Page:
Maine Governor Janet Mills faced intense questioning at the latest press briefing on the Lewiston mass shooting, with reporters pressing for an explanation on reports that multiple warning signs about the gunman were ignored.
One reporter brought up that local police didn’t share certain pertinent information about the suspected shooter, Robert Card, with federal authorities ahead of the tragedy — which perhaps could have prevented it altogether, some argued.
Reports have emerged that Card had been denied the ability to buy a gun silencer, that his family in May had alerted the local sheriff about his mental health while in possession of firearms, and that police had conducted a welfare check in September, a month before the shooting that killed 18 lives and injured over a dozen others.
Governor Mills was cut off as she began to ask the reporter for clarification, with CNN’s Shimon Prokupecz raising his voice.
“Governor, you really don’t know what we’re talking about?” he asked. “Is that what you’re going to stand here and tell us? Governor, everyone here wants to know that answer.”
“It’s under investigation,” Gov Mills replied, to the objection of journalists supporting Prokupecz’s plea.
Prokupecz pressed: “We know that there is an alarming concern from the law enforcement community that activity and information here was ignored. And the simple answer is why was that done and are you concerned about that?”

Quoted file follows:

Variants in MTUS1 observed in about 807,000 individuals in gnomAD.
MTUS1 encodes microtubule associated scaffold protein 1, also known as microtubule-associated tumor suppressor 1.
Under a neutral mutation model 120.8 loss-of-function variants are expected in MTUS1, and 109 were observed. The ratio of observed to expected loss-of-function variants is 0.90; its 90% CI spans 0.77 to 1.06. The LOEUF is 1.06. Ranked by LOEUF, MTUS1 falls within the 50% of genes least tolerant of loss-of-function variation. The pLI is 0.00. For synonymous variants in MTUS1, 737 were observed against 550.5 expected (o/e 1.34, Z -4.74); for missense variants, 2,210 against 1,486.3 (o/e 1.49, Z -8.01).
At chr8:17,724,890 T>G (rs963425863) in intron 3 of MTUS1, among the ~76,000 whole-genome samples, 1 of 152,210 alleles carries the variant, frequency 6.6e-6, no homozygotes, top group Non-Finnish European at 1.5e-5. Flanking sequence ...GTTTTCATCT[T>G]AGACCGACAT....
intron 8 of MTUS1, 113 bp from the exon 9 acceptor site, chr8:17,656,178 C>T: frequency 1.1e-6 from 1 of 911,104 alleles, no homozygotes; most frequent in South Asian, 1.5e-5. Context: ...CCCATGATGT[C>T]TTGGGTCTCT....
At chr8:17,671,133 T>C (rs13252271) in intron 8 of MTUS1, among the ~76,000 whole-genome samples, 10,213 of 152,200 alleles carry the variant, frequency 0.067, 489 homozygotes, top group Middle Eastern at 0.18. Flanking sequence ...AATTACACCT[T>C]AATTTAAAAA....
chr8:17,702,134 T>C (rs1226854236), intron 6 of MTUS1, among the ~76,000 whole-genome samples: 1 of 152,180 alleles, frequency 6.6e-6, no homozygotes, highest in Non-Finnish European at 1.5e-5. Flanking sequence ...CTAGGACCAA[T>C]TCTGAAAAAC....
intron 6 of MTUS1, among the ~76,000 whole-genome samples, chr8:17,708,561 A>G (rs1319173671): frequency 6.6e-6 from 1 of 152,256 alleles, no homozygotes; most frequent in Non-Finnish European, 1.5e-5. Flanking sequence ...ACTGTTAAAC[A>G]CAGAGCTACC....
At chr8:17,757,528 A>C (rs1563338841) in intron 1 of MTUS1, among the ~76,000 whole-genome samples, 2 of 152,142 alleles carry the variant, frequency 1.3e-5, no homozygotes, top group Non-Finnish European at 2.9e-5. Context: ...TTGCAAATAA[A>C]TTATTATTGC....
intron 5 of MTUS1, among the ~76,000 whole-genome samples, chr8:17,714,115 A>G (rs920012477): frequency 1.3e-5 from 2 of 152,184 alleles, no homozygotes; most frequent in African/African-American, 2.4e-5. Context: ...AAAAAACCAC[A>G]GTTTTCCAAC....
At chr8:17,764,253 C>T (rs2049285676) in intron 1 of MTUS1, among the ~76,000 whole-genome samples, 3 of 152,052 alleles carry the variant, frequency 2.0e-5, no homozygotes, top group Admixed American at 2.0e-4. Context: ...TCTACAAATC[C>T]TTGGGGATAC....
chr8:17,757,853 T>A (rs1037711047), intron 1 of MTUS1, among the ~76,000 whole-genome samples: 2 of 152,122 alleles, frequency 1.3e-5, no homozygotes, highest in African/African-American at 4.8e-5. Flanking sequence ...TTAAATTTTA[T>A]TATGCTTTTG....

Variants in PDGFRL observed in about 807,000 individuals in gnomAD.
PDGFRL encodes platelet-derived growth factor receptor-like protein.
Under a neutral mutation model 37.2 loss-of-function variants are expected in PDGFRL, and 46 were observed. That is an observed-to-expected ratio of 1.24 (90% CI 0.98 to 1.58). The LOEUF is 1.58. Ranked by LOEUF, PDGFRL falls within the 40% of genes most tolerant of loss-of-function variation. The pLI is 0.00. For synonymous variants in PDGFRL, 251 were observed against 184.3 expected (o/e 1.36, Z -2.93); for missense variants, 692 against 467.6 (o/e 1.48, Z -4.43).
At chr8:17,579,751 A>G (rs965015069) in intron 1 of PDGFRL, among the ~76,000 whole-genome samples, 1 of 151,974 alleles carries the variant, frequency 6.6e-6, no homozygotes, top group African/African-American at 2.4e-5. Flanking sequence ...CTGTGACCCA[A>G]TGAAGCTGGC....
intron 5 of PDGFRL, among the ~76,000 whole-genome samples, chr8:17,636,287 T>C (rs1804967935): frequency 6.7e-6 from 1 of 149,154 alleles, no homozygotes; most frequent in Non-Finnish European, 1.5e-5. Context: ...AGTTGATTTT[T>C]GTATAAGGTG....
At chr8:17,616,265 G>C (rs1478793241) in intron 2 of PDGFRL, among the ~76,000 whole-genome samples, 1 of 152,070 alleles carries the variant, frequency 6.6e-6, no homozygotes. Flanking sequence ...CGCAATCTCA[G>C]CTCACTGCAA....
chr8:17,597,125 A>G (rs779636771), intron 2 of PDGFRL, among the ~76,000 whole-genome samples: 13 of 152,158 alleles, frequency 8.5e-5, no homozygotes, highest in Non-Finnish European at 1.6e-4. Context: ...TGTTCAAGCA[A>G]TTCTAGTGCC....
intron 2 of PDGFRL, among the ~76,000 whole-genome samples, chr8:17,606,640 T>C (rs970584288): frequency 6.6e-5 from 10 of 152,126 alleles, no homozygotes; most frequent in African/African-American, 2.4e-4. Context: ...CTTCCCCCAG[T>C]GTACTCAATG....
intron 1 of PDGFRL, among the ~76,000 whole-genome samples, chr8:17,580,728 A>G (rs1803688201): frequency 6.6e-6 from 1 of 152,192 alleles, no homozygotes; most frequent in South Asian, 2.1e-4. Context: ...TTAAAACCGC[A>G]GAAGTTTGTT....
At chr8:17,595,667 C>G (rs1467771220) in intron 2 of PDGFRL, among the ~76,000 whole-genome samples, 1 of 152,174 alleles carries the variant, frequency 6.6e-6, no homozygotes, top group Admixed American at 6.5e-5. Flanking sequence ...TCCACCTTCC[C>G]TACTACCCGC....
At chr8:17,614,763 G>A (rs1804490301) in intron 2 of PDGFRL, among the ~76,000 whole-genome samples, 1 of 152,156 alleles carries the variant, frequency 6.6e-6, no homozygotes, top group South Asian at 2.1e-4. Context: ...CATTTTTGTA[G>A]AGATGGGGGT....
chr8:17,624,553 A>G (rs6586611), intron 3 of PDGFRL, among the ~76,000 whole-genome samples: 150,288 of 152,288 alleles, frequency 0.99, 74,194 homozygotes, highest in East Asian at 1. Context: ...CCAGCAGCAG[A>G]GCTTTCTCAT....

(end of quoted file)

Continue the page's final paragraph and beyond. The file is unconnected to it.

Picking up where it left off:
“I think those kinds of facts have yet to be determined. You’re making assumptions. I’m not one to make assumptions,” the governor replied.
As more time passes since the 40-year-old suspected shooter was found dead, more shocking missed warning signs leading up to the shooting have been revealed, showcasing how Card may have slipped through the cracks of the system.
It was previously reported that Card underwent a mental health assessment last summer when he started displaying erratic behaviour at an army training facility in New York, officials said. He also reportedly spent two weeks in a mental health facility; the public safety commissioner clarified that he had not been “forcibly committed” to the facility, insinuating different gun laws were applicable.
The Associated Press also reported that a statewide alert for Card had been issued weeks before the deadly rampage, but local law enforcement had been unable to find him. Reports have also shown that Maine police were warned that he would “snap and commit a mass shooting” less than six weeks before he allegedly went on his shooting spree.